People of IPR
Wed December 4, 2013
Impact of military spending cuts uneven among Iowa's defense companies
As the Department of Defense scales back military spending abroad, domestic arms manufacturers are seeing drastic changes in their revenues. For the first installment of this three part series, Iowa Public Radio’s Durrie Bouscaren profiles one of Iowa’s smallest defense contractors—the creator of a critical component for M-1 tanks.
When it comes to military contracting, the big money goes to the country’s industrial behemoths— Airplanes from Lockheed Martin and Boeing. Tanks from General Dynamics. When wars end, or defense budgets are cut, many of those contractors end up shifting their work to commercial markets, so the losses are replaceable.
But then there are companies like J-Tec Associates in Cedar Rapids. CEO Gary Roling points to a box of aluminum cylinders used in tanks. J-Tec has sold them to the military since 1984.
"These units were originally to be shipped in January," Roling says. "They want to push them back because they don’t have the need."
At 11 employees strong, J-Tech just celebrated its 45th year. Roling says that in 2007, 75% of J-Tec’s business was this one, heavily specialized crosswind sensor used in American tanks throughout the Middle East. The sensor allows a gunner to calculate how wind speeds affect a shell.
A few years ago, Roling was filling orders for as high as 1,300 sensors a year. But recently, Roling says orders have come down to a slow trickle.
"Typically we were quoting 100, 150, 200," Roling said. "A couple weeks ago I got asked to quote nine units for delivery at the rate of one per month in 2015."
Because as wars overseas wind down, the army is using fewer tanks--and those tanks don’t need J-Tec’s crosswind sensor.
"That’s part of the burden of being in the military. They have full access to all the information, you don’t get to operate independently. Every change and every price increase has to be justified in a very formal way.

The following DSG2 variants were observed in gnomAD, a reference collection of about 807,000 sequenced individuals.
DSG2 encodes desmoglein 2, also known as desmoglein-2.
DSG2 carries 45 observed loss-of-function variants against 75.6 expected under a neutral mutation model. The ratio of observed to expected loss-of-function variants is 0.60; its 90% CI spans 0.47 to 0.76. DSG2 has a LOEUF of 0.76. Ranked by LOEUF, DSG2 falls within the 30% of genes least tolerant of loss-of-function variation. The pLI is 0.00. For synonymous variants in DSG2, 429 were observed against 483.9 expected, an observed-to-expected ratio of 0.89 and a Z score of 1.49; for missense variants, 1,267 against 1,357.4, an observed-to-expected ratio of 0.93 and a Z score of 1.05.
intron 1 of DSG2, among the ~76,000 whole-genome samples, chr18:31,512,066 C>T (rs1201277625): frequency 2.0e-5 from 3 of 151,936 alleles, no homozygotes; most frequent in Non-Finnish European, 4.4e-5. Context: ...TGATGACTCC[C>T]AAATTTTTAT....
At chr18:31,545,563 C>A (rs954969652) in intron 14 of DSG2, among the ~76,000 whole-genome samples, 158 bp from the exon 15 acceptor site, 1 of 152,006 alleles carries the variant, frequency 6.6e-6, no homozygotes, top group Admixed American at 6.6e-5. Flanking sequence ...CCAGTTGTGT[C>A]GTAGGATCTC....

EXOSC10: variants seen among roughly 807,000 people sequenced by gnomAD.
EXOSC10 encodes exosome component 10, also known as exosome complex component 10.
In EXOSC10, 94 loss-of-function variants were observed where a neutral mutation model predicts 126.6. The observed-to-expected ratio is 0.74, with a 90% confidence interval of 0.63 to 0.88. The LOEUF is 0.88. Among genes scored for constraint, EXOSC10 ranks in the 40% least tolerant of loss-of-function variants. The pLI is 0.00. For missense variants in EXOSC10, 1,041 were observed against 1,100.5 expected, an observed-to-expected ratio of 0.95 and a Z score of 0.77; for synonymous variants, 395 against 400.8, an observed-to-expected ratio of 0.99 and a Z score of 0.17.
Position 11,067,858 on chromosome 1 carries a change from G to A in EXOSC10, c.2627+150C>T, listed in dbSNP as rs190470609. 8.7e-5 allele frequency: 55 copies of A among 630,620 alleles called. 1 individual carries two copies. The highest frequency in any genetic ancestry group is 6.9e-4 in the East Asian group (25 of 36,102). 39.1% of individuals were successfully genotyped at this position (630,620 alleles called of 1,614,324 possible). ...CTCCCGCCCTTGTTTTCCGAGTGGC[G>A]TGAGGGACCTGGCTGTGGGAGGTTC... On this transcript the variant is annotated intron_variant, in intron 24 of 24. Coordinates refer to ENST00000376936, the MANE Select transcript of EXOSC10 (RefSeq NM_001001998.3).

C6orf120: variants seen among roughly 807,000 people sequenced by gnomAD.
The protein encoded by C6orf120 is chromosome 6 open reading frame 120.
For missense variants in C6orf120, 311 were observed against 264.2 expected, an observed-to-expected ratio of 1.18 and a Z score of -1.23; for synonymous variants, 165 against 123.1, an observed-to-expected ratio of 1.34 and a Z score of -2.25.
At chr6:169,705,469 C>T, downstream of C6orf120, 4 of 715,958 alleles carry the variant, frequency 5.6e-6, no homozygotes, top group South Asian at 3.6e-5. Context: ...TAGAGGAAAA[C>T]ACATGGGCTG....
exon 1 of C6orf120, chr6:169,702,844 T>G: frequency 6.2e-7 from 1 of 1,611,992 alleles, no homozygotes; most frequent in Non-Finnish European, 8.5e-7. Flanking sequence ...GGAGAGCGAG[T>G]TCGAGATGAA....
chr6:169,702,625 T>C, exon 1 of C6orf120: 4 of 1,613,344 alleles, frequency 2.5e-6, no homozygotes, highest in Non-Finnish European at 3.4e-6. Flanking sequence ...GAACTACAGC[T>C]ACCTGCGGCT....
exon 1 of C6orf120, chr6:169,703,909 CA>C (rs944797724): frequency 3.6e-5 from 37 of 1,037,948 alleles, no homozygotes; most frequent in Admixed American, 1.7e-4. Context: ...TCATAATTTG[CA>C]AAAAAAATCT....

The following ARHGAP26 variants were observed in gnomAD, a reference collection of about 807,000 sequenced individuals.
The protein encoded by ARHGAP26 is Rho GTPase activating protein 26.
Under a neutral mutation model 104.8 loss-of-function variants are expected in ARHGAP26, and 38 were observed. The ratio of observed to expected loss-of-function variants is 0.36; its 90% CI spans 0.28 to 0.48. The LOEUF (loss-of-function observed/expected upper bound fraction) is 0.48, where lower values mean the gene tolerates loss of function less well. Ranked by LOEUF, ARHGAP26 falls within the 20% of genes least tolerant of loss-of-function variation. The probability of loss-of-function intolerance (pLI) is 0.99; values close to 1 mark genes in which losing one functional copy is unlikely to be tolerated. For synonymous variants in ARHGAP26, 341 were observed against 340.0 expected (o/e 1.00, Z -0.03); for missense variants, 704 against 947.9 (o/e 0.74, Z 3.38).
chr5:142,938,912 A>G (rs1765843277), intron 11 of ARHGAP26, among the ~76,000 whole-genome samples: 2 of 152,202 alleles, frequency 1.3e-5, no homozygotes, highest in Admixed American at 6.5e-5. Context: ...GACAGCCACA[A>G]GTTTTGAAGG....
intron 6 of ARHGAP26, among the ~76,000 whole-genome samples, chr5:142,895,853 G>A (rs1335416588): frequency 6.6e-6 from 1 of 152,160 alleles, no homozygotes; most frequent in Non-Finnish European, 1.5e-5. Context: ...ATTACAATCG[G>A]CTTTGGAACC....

Roling says J-Tec has experienced the ups and downs of defense contracting before, but the military can be a tough customer.
"They know you're a small business, you depend on work they’re giving you. This is the way it has to be.
Michael O’Hanlon is a senior fellow at the Brookings Institution, a think tank based in Washington, DC. He says defense cuts and sequestration have hit the smaller contractors the hardest--often, the ones who rely on just a few big-ticket contracts with the military each year.
"But what they’re more upset about is the inability to do proper planning, or to even anticipate what’s going to happen two months from now," he said. "There’s a natural result at the end of a period of warfare."
Over the summer, J-Tech moved out of a section of their building to save on rent, and Gary Roling says he’s had to cut the hours of some employees—a group Roling says is like a family.
Without the automotive side of his business, which now makes up 75% of sales, Roling says he would not have been able to keep the technicians who have worked on the crosswind sensor for decades.
"Four of the production people have been with us more than 25 years. They’re key to building that product," Roling said.
But Roling says he’s not sure how much longer contracting for the military will make financial sense.